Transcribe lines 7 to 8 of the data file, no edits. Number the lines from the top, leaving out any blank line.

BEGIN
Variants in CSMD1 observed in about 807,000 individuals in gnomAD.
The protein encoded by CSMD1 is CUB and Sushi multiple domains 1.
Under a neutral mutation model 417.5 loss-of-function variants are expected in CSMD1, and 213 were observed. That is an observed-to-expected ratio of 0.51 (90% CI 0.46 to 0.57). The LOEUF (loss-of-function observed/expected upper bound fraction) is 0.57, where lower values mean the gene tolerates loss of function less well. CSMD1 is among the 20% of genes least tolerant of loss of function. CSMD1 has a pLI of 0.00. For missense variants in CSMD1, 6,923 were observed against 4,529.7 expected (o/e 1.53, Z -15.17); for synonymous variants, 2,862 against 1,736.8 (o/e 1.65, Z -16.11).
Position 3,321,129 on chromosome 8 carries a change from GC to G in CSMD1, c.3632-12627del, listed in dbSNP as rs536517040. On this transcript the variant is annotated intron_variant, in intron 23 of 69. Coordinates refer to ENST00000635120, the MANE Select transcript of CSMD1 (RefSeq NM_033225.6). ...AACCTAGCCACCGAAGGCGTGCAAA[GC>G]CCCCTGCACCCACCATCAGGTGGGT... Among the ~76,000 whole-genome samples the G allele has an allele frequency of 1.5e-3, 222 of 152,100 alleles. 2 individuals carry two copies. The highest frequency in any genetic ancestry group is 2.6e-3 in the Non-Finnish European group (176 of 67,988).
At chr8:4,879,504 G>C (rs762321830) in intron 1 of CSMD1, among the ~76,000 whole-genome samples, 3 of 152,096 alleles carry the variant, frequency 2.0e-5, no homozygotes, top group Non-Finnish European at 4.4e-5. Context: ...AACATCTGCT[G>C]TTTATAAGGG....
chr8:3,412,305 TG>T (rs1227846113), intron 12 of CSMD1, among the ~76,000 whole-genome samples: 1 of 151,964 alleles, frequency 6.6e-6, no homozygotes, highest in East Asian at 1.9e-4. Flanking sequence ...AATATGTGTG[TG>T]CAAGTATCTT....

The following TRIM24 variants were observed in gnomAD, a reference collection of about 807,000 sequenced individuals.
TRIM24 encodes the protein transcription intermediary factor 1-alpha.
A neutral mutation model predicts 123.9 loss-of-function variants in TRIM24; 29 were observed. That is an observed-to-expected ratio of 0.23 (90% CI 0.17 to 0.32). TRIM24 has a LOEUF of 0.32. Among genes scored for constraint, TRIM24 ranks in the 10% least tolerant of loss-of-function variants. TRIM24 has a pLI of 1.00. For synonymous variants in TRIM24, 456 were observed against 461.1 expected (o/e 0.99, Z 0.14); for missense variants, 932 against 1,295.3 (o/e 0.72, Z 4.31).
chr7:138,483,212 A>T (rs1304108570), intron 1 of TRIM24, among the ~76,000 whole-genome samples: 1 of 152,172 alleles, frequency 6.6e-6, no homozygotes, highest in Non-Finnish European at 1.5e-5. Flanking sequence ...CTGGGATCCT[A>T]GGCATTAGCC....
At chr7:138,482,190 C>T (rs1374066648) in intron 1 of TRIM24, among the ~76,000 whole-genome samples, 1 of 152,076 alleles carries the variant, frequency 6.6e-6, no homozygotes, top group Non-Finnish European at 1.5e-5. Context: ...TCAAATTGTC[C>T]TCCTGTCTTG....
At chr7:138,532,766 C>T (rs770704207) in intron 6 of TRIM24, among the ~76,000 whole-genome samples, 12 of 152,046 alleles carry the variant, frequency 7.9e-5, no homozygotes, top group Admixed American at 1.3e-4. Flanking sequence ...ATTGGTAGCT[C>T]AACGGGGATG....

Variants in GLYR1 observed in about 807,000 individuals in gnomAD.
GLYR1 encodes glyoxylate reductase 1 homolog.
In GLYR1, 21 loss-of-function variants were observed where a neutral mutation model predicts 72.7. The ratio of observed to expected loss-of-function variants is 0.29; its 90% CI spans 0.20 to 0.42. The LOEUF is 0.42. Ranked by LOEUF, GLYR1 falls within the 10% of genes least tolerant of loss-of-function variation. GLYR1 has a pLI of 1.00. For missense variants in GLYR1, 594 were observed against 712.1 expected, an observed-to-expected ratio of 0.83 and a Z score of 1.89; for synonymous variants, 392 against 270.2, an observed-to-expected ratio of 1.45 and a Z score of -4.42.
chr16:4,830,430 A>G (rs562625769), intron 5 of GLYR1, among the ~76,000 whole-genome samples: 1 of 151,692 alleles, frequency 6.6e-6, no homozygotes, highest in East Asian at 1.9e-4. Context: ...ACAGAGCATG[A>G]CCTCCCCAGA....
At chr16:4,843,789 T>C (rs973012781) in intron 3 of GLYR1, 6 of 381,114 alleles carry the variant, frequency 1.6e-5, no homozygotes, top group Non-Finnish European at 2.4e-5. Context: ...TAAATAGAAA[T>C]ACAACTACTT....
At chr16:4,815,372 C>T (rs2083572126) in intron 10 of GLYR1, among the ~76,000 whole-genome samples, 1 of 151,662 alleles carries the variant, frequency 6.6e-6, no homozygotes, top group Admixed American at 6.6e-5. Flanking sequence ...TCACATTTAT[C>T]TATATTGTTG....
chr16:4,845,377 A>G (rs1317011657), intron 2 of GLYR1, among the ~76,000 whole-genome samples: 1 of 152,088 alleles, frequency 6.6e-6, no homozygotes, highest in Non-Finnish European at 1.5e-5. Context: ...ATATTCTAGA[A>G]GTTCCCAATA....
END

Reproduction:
The following TRIM24 variants were observed in gnomAD, a reference collection of about 807,000 sequenced individuals.
TRIM24 encodes the protein transcription intermediary factor 1-alpha.